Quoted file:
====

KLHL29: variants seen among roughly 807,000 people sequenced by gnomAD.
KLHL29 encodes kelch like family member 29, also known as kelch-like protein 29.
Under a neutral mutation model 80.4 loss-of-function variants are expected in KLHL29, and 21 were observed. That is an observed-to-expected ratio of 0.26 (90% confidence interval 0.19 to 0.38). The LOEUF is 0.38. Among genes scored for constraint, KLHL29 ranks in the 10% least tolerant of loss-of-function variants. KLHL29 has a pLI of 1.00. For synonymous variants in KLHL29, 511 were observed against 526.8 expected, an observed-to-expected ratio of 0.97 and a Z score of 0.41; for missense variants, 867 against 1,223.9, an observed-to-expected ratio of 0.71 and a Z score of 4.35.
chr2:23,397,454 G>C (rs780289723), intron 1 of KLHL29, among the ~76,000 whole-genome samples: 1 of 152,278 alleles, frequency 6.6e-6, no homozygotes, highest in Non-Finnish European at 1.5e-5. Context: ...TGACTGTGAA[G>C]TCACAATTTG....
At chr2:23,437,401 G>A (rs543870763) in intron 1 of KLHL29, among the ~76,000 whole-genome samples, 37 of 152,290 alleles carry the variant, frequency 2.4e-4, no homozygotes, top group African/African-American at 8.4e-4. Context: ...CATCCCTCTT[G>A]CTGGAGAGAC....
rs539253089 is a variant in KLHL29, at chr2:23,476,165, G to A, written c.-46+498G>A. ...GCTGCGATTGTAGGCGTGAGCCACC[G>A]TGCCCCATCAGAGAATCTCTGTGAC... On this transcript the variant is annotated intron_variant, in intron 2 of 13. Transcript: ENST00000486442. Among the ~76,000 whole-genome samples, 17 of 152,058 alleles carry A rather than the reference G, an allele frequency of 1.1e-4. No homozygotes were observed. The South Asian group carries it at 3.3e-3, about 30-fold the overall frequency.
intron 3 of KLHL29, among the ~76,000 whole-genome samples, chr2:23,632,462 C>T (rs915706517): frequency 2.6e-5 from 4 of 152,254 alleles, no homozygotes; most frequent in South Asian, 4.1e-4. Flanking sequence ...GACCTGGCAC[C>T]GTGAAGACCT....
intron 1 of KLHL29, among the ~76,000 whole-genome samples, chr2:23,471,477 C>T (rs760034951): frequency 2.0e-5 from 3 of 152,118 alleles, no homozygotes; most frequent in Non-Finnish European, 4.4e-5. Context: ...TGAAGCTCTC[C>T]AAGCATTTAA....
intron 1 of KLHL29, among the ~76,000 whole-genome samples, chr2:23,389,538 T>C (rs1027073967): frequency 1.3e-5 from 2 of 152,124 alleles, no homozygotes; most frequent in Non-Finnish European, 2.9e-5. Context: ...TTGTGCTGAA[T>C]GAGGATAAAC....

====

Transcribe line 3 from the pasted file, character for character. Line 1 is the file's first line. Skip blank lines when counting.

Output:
Under a neutral mutation model 80.4 loss-of-function variants are expected in KLHL29, and 21 were observed. That is an observed-to-expected ratio of 0.26 (90% confidence interval 0.19 to 0.38). The LOEUF is 0.38. Among genes scored for constraint, KLHL29 ranks in the 10% least tolerant of loss-of-function variants. KLHL29 has a pLI of 1.00. For synonymous variants in KLHL29, 511 were observed against 526.8 expected, an observed-to-expected ratio of 0.97 and a Z score of 0.41; for missense variants, 867 against 1,223.9, an observed-to-expected ratio of 0.71 and a Z score of 4.35.